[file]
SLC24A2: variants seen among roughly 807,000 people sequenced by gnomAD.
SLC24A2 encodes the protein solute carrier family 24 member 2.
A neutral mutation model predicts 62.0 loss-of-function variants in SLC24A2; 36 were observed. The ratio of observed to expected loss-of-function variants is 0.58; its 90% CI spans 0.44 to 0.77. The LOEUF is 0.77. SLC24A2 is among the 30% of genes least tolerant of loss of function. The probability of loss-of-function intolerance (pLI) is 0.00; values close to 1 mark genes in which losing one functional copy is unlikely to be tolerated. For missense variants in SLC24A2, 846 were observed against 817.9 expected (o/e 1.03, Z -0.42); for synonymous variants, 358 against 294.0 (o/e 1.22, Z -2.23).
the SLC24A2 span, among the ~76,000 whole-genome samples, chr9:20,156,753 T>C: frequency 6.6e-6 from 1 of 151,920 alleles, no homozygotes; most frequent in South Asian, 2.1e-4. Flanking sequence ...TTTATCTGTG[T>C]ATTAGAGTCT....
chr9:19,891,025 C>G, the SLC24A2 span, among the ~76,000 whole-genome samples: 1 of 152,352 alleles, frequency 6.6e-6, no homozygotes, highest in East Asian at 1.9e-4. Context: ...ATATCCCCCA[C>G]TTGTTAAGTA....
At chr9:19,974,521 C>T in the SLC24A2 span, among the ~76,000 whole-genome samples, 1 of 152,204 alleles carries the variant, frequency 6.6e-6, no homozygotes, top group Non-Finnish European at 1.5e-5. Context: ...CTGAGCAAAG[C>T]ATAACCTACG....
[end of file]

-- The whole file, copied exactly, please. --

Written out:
SLC24A2: variants seen among roughly 807,000 people sequenced by gnomAD.
SLC24A2 encodes the protein solute carrier family 24 member 2.
A neutral mutation model predicts 62.0 loss-of-function variants in SLC24A2; 36 were observed. The ratio of observed to expected loss-of-function variants is 0.58; its 90% CI spans 0.44 to 0.77. The LOEUF is 0.77. SLC24A2 is among the 30% of genes least tolerant of loss of function. The probability of loss-of-function intolerance (pLI) is 0.00; values close to 1 mark genes in which losing one functional copy is unlikely to be tolerated. For missense variants in SLC24A2, 846 were observed against 817.9 expected (o/e 1.03, Z -0.42); for synonymous variants, 358 against 294.0 (o/e 1.22, Z -2.23).
the SLC24A2 span, among the ~76,000 whole-genome samples, chr9:20,156,753 T>C: frequency 6.6e-6 from 1 of 151,920 alleles, no homozygotes; most frequent in South Asian, 2.1e-4. Flanking sequence ...TTTATCTGTG[T>C]ATTAGAGTCT....
chr9:19,891,025 C>G, the SLC24A2 span, among the ~76,000 whole-genome samples: 1 of 152,352 alleles, frequency 6.6e-6, no homozygotes, highest in East Asian at 1.9e-4. Context: ...ATATCCCCCA[C>G]TTGTTAAGTA....
At chr9:19,974,521 C>T in the SLC24A2 span, among the ~76,000 whole-genome samples, 1 of 152,204 alleles carries the variant, frequency 6.6e-6, no homozygotes, top group Non-Finnish European at 1.5e-5. Context: ...CTGAGCAAAG[C>T]ATAACCTACG....